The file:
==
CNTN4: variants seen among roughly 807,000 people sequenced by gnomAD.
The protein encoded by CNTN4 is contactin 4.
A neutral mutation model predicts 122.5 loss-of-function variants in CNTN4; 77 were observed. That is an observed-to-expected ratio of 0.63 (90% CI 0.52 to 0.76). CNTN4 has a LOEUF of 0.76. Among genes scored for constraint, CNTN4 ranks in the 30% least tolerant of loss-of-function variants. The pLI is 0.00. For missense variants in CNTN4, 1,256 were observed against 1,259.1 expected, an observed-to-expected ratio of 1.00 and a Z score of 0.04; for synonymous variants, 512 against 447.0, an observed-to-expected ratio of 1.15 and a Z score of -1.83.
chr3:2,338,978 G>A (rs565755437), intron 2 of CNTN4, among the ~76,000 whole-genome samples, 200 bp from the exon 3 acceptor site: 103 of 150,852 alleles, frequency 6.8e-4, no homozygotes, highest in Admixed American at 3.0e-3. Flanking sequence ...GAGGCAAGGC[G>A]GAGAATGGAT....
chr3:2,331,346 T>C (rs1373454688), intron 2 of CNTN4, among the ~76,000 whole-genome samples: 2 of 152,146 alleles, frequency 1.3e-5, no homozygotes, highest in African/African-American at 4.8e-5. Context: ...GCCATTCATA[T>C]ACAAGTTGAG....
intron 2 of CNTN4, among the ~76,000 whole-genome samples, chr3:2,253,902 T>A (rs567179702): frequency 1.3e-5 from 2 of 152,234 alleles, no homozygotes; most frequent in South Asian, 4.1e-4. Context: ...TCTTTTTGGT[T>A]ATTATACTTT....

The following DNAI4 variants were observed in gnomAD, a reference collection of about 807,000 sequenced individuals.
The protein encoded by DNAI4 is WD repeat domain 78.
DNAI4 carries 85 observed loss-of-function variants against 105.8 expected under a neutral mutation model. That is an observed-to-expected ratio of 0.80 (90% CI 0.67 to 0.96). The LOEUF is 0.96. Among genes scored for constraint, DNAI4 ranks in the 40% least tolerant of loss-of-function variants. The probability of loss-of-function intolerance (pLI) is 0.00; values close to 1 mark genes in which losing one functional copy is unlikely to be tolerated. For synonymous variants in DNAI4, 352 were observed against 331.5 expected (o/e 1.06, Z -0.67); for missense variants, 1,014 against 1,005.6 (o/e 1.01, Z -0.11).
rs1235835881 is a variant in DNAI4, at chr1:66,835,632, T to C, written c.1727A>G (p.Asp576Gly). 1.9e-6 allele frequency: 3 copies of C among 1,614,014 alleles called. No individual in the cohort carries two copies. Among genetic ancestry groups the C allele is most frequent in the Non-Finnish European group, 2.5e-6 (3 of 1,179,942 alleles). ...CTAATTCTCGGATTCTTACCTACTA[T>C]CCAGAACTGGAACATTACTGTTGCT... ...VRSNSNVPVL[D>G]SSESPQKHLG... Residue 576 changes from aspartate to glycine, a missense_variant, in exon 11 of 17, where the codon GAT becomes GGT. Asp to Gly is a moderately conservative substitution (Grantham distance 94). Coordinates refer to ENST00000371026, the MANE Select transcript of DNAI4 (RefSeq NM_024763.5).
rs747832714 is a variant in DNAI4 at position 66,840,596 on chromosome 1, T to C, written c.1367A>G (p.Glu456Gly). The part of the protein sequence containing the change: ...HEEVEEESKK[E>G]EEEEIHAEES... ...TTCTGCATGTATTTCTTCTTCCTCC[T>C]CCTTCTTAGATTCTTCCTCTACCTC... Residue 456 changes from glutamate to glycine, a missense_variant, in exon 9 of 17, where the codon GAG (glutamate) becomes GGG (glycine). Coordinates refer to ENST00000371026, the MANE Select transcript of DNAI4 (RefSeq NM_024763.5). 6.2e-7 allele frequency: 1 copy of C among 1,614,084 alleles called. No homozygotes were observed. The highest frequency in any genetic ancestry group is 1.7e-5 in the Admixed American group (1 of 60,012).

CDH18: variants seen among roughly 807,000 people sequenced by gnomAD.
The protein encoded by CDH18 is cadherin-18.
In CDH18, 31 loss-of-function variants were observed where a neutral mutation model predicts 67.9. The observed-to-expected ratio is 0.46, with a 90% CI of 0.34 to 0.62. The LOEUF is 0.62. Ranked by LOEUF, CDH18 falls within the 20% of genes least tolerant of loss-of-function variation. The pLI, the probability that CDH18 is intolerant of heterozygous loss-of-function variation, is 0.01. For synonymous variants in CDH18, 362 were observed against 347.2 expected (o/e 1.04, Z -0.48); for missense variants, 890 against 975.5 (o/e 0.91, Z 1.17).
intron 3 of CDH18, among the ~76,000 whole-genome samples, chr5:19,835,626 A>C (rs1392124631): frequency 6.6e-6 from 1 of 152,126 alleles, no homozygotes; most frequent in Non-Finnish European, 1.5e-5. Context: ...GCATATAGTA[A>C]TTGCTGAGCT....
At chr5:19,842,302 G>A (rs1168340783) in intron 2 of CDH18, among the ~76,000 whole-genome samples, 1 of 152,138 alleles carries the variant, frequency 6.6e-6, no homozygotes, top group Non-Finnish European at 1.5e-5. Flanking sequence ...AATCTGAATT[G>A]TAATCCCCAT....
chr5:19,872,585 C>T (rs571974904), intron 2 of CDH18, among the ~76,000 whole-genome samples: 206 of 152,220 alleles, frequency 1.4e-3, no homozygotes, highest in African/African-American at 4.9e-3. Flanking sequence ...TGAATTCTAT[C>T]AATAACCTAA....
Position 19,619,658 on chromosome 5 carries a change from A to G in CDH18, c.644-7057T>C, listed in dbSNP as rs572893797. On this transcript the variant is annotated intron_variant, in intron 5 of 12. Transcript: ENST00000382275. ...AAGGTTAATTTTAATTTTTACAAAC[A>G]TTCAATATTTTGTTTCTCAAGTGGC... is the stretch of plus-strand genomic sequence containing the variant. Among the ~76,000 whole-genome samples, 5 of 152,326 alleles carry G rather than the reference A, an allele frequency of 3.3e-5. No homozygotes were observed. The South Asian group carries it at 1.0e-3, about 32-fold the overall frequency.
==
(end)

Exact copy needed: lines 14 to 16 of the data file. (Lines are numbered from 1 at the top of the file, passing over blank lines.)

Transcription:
In CDH18, 31 loss-of-function variants were observed where a neutral mutation model predicts 67.9. The observed-to-expected ratio is 0.46, with a 90% CI of 0.34 to 0.62. The LOEUF is 0.62. Ranked by LOEUF, CDH18 falls within the 20% of genes least tolerant of loss-of-function variation. The pLI, the probability that CDH18 is intolerant of heterozygous loss-of-function variation, is 0.01. For synonymous variants in CDH18, 362 were observed against 347.2 expected (o/e 1.04, Z -0.48); for missense variants, 890 against 975.5 (o/e 0.91, Z 1.17).
intron 3 of CDH18, among the ~76,000 whole-genome samples, chr5:19,835,626 A>C (rs1392124631): frequency 6.6e-6 from 1 of 152,126 alleles, no homozygotes; most frequent in Non-Finnish European, 1.5e-5. Context: ...GCATATAGTA[A>C]TTGCTGAGCT....
At chr5:19,842,302 G>A (rs1168340783) in intron 2 of CDH18, among the ~76,000 whole-genome samples, 1 of 152,138 alleles carries the variant, frequency 6.6e-6, no homozygotes, top group Non-Finnish European at 1.5e-5. Flanking sequence ...AATCTGAATT[G>A]TAATCCCCAT....